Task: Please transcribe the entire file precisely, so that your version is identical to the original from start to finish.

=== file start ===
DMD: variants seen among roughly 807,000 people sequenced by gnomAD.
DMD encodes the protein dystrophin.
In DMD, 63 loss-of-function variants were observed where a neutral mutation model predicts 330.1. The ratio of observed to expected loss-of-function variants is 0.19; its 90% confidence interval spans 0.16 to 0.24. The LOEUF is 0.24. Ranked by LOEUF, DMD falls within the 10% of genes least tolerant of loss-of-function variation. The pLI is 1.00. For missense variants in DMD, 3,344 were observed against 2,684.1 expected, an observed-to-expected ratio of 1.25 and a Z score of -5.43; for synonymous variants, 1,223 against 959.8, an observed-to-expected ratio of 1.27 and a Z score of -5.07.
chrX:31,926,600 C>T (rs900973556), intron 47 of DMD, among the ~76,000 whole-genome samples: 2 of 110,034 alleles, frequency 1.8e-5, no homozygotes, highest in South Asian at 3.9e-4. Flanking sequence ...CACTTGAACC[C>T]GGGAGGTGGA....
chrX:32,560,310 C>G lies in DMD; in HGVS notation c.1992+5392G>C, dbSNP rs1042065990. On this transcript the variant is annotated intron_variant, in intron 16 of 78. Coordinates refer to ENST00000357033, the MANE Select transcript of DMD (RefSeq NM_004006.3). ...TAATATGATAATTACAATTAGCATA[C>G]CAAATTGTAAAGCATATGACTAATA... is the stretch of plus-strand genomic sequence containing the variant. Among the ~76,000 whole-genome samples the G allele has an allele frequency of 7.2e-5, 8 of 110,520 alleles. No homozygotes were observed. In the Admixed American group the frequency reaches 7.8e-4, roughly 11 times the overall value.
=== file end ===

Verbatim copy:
DMD: variants seen among roughly 807,000 people sequenced by gnomAD.
DMD encodes the protein dystrophin.
In DMD, 63 loss-of-function variants were observed where a neutral mutation model predicts 330.1. The ratio of observed to expected loss-of-function variants is 0.19; its 90% confidence interval spans 0.16 to 0.24. The LOEUF is 0.24. Ranked by LOEUF, DMD falls within the 10% of genes least tolerant of loss-of-function variation. The pLI is 1.00. For missense variants in DMD, 3,344 were observed against 2,684.1 expected, an observed-to-expected ratio of 1.25 and a Z score of -5.43; for synonymous variants, 1,223 against 959.8, an observed-to-expected ratio of 1.27 and a Z score of -5.07.
chrX:31,926,600 C>T (rs900973556), intron 47 of DMD, among the ~76,000 whole-genome samples: 2 of 110,034 alleles, frequency 1.8e-5, no homozygotes, highest in South Asian at 3.9e-4. Flanking sequence ...CACTTGAACC[C>T]GGGAGGTGGA....
chrX:32,560,310 C>G lies in DMD; in HGVS notation c.1992+5392G>C, dbSNP rs1042065990. On this transcript the variant is annotated intron_variant, in intron 16 of 78. Coordinates refer to ENST00000357033, the MANE Select transcript of DMD (RefSeq NM_004006.3). ...TAATATGATAATTACAATTAGCATA[C>G]CAAATTGTAAAGCATATGACTAATA... is the stretch of plus-strand genomic sequence containing the variant. Among the ~76,000 whole-genome samples the G allele has an allele frequency of 7.2e-5, 8 of 110,520 alleles. No homozygotes were observed. In the Admixed American group the frequency reaches 7.8e-4, roughly 11 times the overall value.